Washington, D. C., December 31, 1862.
It is hereby certified that the preceding statement is accurately compiled from the monthly return of the 31st day of May, 1862, signed by Bvt. Major General John E. Wool and his assistant adjutant-general, W. D. Whipple, and now on file in this office.
E. D. TOWNSEND,
WASHINGTON CITY, D. C., June 1, 1862-9.30.
You are probably engaged with the enemy. I suppose he made the attack. Stand well on your guard, hold all your ground, or yield any only inch by inch and in good order. This morning we merge General Wood's department into yours, giving you command of the whole, and sending General Dix to Fort Monroe and General Wool to Fort McHenry. We also send General Sigel to report to you for duty.
WASHINGTON CITY, D. C., June 1, 1862-1.15 p.m.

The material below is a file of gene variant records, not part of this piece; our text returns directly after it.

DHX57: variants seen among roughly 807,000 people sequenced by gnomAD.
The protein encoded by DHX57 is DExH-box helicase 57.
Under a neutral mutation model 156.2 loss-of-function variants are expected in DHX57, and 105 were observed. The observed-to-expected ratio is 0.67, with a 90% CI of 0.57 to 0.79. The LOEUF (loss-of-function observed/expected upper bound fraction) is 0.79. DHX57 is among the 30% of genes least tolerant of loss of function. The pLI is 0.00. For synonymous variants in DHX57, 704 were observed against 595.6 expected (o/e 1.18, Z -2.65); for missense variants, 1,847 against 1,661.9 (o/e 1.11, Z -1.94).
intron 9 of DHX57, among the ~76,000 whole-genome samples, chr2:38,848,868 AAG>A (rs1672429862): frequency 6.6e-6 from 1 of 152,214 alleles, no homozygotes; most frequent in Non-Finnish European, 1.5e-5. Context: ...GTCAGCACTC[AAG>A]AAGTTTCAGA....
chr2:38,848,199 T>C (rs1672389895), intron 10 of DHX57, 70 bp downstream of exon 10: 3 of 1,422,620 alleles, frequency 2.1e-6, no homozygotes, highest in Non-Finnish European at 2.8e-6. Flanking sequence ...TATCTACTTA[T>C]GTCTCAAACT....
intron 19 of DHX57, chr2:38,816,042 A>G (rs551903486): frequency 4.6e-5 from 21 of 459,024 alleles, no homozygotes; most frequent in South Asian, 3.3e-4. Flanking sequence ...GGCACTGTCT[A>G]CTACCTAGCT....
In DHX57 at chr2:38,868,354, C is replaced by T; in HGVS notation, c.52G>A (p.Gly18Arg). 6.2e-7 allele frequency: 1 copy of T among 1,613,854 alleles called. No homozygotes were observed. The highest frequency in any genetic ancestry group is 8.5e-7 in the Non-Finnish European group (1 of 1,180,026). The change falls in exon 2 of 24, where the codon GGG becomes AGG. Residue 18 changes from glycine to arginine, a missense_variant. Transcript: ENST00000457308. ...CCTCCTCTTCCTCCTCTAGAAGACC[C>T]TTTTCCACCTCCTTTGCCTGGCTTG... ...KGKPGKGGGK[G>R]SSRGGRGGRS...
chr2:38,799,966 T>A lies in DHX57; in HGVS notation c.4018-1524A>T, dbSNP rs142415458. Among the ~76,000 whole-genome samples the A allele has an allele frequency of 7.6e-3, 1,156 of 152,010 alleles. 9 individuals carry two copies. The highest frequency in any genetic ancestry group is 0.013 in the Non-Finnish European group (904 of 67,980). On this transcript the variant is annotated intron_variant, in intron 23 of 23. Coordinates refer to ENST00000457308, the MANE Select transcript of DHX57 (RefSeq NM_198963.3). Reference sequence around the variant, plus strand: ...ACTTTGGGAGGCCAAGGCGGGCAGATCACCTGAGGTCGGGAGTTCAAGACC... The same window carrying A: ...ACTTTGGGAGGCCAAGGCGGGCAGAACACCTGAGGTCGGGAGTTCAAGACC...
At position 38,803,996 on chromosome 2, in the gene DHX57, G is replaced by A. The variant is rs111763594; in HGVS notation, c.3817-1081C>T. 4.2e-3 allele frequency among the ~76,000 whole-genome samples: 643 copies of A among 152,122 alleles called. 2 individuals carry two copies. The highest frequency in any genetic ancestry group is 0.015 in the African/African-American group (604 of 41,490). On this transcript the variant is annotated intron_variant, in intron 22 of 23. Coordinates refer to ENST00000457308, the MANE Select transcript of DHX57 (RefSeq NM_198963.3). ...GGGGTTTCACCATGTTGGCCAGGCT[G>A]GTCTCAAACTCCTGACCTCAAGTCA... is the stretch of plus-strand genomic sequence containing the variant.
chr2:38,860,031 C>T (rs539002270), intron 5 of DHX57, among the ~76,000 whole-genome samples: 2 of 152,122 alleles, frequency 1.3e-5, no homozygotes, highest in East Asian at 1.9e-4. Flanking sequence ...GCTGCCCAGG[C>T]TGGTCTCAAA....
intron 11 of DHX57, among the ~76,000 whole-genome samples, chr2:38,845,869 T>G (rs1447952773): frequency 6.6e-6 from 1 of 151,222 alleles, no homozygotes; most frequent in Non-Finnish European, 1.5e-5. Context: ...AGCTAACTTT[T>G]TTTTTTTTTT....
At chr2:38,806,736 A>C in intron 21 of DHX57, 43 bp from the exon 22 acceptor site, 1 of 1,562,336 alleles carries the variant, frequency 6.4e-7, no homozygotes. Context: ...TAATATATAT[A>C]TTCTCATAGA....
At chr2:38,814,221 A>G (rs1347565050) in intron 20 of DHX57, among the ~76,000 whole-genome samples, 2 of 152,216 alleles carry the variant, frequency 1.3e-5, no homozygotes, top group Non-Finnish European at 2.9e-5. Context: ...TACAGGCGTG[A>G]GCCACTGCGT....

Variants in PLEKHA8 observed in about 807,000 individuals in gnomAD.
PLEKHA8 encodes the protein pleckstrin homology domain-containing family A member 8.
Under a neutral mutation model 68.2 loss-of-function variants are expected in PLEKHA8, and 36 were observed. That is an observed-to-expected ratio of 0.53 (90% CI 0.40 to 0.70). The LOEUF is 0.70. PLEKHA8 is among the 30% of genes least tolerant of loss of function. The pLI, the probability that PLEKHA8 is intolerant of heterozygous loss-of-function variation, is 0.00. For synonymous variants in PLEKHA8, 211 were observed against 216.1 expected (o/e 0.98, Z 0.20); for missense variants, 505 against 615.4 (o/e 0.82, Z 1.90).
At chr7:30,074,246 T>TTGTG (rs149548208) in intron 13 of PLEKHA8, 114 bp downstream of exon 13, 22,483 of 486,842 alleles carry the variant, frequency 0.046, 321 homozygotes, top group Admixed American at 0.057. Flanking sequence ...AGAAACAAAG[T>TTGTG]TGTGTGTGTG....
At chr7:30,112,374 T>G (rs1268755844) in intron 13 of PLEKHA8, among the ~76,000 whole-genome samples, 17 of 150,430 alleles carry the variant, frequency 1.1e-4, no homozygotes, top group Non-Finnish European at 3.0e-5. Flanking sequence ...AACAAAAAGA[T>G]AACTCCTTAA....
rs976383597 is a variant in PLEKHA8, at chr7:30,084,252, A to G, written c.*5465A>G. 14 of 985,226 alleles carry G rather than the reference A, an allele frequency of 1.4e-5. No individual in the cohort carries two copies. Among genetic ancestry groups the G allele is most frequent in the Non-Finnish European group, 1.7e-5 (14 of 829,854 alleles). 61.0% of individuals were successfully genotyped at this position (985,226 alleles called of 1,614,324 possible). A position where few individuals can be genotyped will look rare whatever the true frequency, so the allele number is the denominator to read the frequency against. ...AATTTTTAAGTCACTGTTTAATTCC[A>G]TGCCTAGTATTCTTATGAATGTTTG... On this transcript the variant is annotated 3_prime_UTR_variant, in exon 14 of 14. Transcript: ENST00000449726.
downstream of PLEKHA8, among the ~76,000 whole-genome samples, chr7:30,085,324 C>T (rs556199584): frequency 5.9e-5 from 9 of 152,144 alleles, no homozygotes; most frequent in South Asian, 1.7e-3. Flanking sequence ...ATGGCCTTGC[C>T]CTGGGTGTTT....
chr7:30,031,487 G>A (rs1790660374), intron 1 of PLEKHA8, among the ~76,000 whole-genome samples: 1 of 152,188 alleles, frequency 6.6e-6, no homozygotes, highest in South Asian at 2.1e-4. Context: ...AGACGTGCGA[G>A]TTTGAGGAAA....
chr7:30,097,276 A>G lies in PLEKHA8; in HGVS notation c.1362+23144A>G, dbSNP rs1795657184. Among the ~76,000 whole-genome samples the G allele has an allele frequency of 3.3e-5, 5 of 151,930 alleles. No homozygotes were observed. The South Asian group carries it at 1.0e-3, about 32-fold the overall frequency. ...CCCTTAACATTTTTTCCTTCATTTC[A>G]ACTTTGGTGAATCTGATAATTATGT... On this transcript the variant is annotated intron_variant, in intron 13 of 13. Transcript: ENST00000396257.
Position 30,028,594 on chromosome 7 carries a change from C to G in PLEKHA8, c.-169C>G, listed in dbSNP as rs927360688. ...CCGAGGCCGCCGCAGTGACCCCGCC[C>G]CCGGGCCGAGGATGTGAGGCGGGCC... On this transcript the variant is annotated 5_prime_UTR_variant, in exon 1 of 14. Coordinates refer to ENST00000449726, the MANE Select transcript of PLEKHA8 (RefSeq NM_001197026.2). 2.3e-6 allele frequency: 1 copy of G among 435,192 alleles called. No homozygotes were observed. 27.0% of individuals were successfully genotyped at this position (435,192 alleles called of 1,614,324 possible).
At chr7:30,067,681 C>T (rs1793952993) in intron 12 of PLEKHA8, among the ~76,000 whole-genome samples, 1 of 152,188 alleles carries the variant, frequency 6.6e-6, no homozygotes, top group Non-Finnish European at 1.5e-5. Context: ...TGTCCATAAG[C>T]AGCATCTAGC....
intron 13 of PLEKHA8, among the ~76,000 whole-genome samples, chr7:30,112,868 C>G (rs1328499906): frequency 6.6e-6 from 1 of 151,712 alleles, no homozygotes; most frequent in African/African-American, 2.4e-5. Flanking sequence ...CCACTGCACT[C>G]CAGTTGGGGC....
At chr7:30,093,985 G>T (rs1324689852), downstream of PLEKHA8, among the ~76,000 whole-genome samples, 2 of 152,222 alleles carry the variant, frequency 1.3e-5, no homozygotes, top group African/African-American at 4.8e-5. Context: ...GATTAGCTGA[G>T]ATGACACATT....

You are already notified that General Sigel is to report to you for duty. I suggest (do not order) that he have command of such of the forces about Fort Monroe, Norfolk, Newport News, &c., as you may see fit to put into active service, or such other command as may be suitable to his rank.
Washington City, D. C., June 1, 1862-5 p.m.
Thanks for what you could and did say in your dispatch of noon to-day to the Secretary of War.* If the enemy shall not have renewed the attack this afternoon, I think the hardest of your work is done.
Shields' advance came in collision with part of the enemy yesterday evening 6 miles from Front Royal, in a direction between Winchester and Strasburg, driving them back, capturing a few prisoners and one rifled cannon. Firing in that direction to-day, heard both from Harper's Ferry and Front Royal, indicate a probability that Fremont has met the enemy.
We have concluded to send General Sigel to Harper's Ferry, so that what I telegraphed you about him this morning is revoked. Dix goes to Fort Monroe to-night.
*See Part I, p.749.